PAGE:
Arctic Fever and the Creation of the Hyper-Masculine Explorer
From the Time to Eat the Dogs Podcast with Michael Robinson
Time to Eat the Dogs is a podcast about science, history, and exploration. Each week, Michael Robinson interviews scientists, journalists, and adventurers about life at the extreme.
The tables are turned on this episode as radio host Kevin Fox interviews Michael Robinson about the history of American Arctic exploration. The disappearance of the Franklin Expedition in 1845 turned the Arctic into an object of fascination. By the end of the century, it had become an “Arctic Fever”—and the explorers gods among men.
From the episode:
Michael Robinson: Kind of the point of my first book, The Coldest Crucible, is to look at the Arctic not as a place in and of itself, but as a stage for Americans to talk about things that they think are really important, one of which is what does it mean to be a man in the 19th century? What does it mean to be a man of character? And how that idea changes from Elisha Kane, who was, you know—he was short. He was suffering from rheumatic fever from the age of 19. He spoke in a kind of dreamy, gothic way about life in the Arctic. He was described by his men as motherly or feminine in his qualities. And yet all of those things together combined to make him an icon of manliness.
Whereas at the end of the 19th century, when you look at a guy like Robert Peary—who was also praised by dozens and dozens of women, again his archives are filled with postcards and letters from women fans—often describe him as a man in very different terms, as being strong, as being brave, as being a man of few words, as being tough. It’s a very different model of what it means to be a man. And I think you see it in the way that they’re described by their followers.
Kevin Fox: So a complete public persona is being developed through their own writings, the writings of others, newspapers, all this reading material, so to speak. People are plugged in. They’re following their lives in some ways. They do take on this superstar persona.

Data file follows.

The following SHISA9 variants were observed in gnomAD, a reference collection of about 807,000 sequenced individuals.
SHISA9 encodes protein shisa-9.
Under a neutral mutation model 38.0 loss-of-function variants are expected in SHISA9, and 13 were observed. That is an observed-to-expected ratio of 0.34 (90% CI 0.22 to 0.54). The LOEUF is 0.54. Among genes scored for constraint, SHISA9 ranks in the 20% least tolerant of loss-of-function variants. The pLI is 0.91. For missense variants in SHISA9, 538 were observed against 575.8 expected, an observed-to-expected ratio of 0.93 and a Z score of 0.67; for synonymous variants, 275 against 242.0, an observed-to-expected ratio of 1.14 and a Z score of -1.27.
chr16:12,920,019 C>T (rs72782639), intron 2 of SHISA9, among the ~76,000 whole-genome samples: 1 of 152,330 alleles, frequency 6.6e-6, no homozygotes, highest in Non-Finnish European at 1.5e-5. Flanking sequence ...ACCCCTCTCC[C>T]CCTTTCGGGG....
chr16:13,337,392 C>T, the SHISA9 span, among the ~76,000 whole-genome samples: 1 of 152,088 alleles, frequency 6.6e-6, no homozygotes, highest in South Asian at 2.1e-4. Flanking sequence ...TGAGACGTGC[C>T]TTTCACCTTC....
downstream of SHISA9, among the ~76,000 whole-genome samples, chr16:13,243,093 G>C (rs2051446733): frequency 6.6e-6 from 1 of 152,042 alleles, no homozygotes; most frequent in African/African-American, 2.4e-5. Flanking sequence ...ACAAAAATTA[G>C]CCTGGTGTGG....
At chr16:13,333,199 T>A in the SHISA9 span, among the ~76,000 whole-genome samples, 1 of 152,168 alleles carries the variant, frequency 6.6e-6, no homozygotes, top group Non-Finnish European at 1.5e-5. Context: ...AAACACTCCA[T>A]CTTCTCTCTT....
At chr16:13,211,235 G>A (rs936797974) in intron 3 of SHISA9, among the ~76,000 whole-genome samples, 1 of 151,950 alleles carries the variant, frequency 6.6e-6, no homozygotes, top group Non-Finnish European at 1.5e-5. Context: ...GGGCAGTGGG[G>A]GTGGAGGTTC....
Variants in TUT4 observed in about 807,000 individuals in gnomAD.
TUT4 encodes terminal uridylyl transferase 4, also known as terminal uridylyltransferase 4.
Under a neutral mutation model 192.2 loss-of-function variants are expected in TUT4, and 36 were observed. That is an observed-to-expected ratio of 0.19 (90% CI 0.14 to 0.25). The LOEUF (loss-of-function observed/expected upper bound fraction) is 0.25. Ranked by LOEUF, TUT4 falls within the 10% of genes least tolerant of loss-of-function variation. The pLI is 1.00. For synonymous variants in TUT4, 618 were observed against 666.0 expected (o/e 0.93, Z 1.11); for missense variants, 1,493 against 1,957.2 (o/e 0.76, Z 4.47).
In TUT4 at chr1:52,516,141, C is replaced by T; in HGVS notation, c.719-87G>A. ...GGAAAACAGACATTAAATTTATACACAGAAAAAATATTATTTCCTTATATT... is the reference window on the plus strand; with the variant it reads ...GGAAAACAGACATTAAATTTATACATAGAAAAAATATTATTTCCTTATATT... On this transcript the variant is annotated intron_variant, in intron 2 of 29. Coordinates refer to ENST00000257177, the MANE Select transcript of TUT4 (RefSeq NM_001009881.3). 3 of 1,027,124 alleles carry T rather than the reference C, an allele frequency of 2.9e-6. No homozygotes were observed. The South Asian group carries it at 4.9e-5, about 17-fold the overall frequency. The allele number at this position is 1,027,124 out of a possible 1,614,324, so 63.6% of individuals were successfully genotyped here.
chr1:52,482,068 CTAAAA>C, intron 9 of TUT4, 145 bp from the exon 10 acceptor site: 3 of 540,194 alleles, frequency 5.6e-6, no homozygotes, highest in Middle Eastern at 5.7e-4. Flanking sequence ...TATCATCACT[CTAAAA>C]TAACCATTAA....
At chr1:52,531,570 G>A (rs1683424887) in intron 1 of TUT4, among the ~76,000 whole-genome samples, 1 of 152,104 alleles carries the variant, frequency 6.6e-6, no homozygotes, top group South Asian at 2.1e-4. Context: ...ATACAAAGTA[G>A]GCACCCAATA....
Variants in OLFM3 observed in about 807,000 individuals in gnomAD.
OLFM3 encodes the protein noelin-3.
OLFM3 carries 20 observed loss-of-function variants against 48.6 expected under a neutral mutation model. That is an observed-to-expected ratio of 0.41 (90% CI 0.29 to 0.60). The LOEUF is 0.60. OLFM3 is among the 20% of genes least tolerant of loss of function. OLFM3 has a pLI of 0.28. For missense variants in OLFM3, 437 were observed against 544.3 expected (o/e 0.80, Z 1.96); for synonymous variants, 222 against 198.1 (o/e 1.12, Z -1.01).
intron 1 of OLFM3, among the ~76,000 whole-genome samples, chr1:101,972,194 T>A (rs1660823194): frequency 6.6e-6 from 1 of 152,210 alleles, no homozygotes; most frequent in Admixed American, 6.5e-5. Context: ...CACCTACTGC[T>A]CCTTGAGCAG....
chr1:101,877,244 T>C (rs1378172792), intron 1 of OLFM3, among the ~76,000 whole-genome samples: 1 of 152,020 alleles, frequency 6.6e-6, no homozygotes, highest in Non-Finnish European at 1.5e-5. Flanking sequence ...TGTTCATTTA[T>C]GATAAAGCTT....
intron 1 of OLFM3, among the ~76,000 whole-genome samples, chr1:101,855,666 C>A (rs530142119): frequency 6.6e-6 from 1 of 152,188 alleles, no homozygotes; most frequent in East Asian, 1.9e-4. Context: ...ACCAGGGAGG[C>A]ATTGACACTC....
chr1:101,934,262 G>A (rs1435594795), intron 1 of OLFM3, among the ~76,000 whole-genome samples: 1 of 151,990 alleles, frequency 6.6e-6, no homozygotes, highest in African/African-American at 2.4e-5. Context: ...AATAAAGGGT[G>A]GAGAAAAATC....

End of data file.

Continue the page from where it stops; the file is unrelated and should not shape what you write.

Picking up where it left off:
Michael Robinson: Yes. And also, it becomes a persona that they can’t control entirely. Because the press of the 1850s may not have been a celebrity press in the way that we think about TMZ or People magazine today, but it was nevertheless a kind of booster press, a press that was interested in showing the good side. Whereas the press of the late 19th century was a press that was perfectly willing to make heroes out of explorers and knew that this could actually help promote circulation to do that, but was also perfectly willing to throw explorers under the bus if the controversies about their lives sold more newspapers.
So you had individuals like Kane who almost was inoculated from some of the controversies around his expedition because papers wouldn’t talk about it. But by the late 19th century, explorers are often making deals with newspapers to fund their expeditions. And when these expeditions go wrong, oftentimes newspapers, certainly rival newspapers, would attack them mercilessly for flaws in leadership or flaws in character. So you see spectacular controversies about these expeditions by Peary, by Adolphus Greely, by others, which are really the product of this new media environment.
Kevin Fox: Is the increased involvement in the media in shaping the narrative about Arctic exploration, is that part of why it sort of falls away?
Michael Robinson: I think it’s why Arctic explorers become tarnished figures in the eyes of the American public. I mean, by 1910, when you have this huge controversy between Robert Peary and Frederick Cook over who stepped on the North Pole first—by the time 1910 passes, people are so sick of this story, and they think in so poor esteem of these two individuals because they’ve fallen so far from this model of patriotic or manly behavior. It’s still a story in the news, but people are no longer talking about Arctic explorers as men of character.
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